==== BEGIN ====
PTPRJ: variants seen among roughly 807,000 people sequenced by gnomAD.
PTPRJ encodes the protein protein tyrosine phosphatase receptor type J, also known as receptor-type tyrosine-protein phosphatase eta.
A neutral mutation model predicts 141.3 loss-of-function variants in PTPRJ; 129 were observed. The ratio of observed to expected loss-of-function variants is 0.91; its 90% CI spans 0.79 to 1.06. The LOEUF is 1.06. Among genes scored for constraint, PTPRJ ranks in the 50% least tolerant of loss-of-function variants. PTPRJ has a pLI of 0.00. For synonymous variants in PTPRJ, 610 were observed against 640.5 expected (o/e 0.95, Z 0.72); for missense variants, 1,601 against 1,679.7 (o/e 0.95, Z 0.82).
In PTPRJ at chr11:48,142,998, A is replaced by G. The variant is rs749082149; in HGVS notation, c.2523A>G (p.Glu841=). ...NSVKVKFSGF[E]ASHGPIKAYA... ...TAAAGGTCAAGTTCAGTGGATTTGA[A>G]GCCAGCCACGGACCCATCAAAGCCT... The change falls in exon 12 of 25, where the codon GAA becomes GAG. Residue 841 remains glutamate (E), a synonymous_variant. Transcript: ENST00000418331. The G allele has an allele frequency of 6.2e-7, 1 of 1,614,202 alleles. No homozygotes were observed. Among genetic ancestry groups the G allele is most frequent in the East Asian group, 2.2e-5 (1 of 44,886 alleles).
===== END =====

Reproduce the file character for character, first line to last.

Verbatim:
PTPRJ: variants seen among roughly 807,000 people sequenced by gnomAD.
PTPRJ encodes the protein protein tyrosine phosphatase receptor type J, also known as receptor-type tyrosine-protein phosphatase eta.
A neutral mutation model predicts 141.3 loss-of-function variants in PTPRJ; 129 were observed. The ratio of observed to expected loss-of-function variants is 0.91; its 90% CI spans 0.79 to 1.06. The LOEUF is 1.06. Among genes scored for constraint, PTPRJ ranks in the 50% least tolerant of loss-of-function variants. PTPRJ has a pLI of 0.00. For synonymous variants in PTPRJ, 610 were observed against 640.5 expected (o/e 0.95, Z 0.72); for missense variants, 1,601 against 1,679.7 (o/e 0.95, Z 0.82).
In PTPRJ at chr11:48,142,998, A is replaced by G. The variant is rs749082149; in HGVS notation, c.2523A>G (p.Glu841=). ...NSVKVKFSGF[E]ASHGPIKAYA... ...TAAAGGTCAAGTTCAGTGGATTTGA[A>G]GCCAGCCACGGACCCATCAAAGCCT... The change falls in exon 12 of 25, where the codon GAA becomes GAG. Residue 841 remains glutamate (E), a synonymous_variant. Transcript: ENST00000418331. The G allele has an allele frequency of 6.2e-7, 1 of 1,614,202 alleles. No homozygotes were observed. Among genetic ancestry groups the G allele is most frequent in the East Asian group, 2.2e-5 (1 of 44,886 alleles).